Joe Kravetz eventually participate in some single-adult parent organization (or something) and later met Marjorie Biel (nee Tudor), who had become divorced and had a young boy (Danny), 16 days younger than me.  I believe that they both married out of necessity more than love.  Nonetheless, as a young child, I was piggybacked into this relationship, which brought forth two more children (Gary in 1964 and Sherry in 1967).

Marge with David, Danny and Aaron in 1963 at Bluewater Lake in New Mexico.

Joe and Marge in 1978 in Jemez Springs, NM. By this time they were divorced but posed for this photo.

Through adoptions, all of us became Kravetz kids.  But it was a hodge-podge family.  Dad worked all the time for a drug store chain.  Mom (Marge) was a practicing Jehovah’s Witness and would take us to the Kingdom Hall a couple of times a week. She diligently sought to make sure we had a religious upbringing.  She had health issues and struggled in her relationship with Joe.  But, kudos to both of them as they made the courageous choice to stay together, despite deep-rooted differences and a great deal of family dysfunction and challenge (Danny was “mentally retarded” – a term used in the 1960s/70s). Aaron and I could be unruly.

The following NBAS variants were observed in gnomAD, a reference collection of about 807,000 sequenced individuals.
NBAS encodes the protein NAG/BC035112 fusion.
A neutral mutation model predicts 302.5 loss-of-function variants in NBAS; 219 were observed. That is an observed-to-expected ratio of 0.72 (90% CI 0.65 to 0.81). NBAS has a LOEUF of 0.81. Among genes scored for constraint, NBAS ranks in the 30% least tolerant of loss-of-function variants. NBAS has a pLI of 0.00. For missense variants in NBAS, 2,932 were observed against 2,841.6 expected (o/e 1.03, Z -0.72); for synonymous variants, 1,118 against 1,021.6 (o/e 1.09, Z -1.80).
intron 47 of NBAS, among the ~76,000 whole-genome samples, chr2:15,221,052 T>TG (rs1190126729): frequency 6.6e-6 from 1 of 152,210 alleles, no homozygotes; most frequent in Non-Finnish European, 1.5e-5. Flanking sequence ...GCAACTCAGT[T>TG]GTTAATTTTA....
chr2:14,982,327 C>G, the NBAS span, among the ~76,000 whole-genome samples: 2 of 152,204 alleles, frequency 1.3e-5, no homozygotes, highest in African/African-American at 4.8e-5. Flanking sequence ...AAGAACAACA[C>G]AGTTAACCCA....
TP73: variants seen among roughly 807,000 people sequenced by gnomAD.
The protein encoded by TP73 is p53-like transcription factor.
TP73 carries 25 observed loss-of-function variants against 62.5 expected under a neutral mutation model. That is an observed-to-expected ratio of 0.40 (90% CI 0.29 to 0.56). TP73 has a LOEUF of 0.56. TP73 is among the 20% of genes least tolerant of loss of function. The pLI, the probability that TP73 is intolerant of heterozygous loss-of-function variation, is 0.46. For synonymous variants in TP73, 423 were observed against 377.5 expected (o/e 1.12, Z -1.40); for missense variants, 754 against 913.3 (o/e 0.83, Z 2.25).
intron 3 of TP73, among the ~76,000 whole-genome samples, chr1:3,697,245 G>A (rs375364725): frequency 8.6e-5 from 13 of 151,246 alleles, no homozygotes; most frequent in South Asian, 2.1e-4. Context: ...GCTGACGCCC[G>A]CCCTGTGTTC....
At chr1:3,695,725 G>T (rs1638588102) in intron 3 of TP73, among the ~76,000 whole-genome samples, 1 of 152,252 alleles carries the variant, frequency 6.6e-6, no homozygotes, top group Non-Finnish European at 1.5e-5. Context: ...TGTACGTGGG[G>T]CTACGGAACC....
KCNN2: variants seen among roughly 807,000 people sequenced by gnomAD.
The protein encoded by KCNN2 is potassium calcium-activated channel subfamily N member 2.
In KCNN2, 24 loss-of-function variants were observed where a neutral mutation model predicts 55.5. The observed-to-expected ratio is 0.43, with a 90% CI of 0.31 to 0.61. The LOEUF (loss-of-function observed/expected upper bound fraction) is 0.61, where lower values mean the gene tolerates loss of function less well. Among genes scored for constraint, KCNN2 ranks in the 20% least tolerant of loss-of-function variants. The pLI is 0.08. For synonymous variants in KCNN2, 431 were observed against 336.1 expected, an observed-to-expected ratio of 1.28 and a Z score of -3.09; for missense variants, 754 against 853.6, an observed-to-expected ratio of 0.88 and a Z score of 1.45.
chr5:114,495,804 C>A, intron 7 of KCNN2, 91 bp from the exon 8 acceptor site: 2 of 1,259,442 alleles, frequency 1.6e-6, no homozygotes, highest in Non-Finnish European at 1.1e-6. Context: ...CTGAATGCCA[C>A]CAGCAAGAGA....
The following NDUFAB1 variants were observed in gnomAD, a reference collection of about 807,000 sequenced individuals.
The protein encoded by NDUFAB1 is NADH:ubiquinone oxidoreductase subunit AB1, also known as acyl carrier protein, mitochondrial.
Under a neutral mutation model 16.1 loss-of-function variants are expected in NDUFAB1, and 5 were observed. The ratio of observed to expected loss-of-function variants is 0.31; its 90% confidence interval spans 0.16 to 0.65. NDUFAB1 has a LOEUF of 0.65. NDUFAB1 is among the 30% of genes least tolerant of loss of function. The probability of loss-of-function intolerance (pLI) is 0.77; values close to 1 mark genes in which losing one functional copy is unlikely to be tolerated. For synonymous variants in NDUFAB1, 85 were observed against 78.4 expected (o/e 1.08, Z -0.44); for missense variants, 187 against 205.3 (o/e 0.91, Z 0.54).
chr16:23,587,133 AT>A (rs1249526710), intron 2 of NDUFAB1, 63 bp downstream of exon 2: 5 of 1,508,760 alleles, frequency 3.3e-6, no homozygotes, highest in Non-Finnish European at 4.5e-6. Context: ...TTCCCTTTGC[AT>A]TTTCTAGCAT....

Between 1965 and 1974, we had moved four different times to four different cities due to my Dad’s job transfers. More rocky, rutted roads for my life journey lay before me.  New homes, changes in schools, new friends, leaving old friends. It wasn’t easy for any of us.  By the time we were in Bozeman, Montana, I had run away from home twice to get away from the dysfunction…  I was ready to journey forth on my own personal journey and off of the piggyback roller coaster ride I had experienced.

Joe Kravetz and Marge, with my brothers and sister – Aaron, Danny, Gary and Sherry in 1978   This was the only complete family photo we ever had.

I will say here that Joe Kravetz and Marge did the very best they could with what was handed to them.  They both had their emotional baggage and the five children, who were, without choice, along for the rocky ride, had to learn to deal with it all, and we all did in our own ways.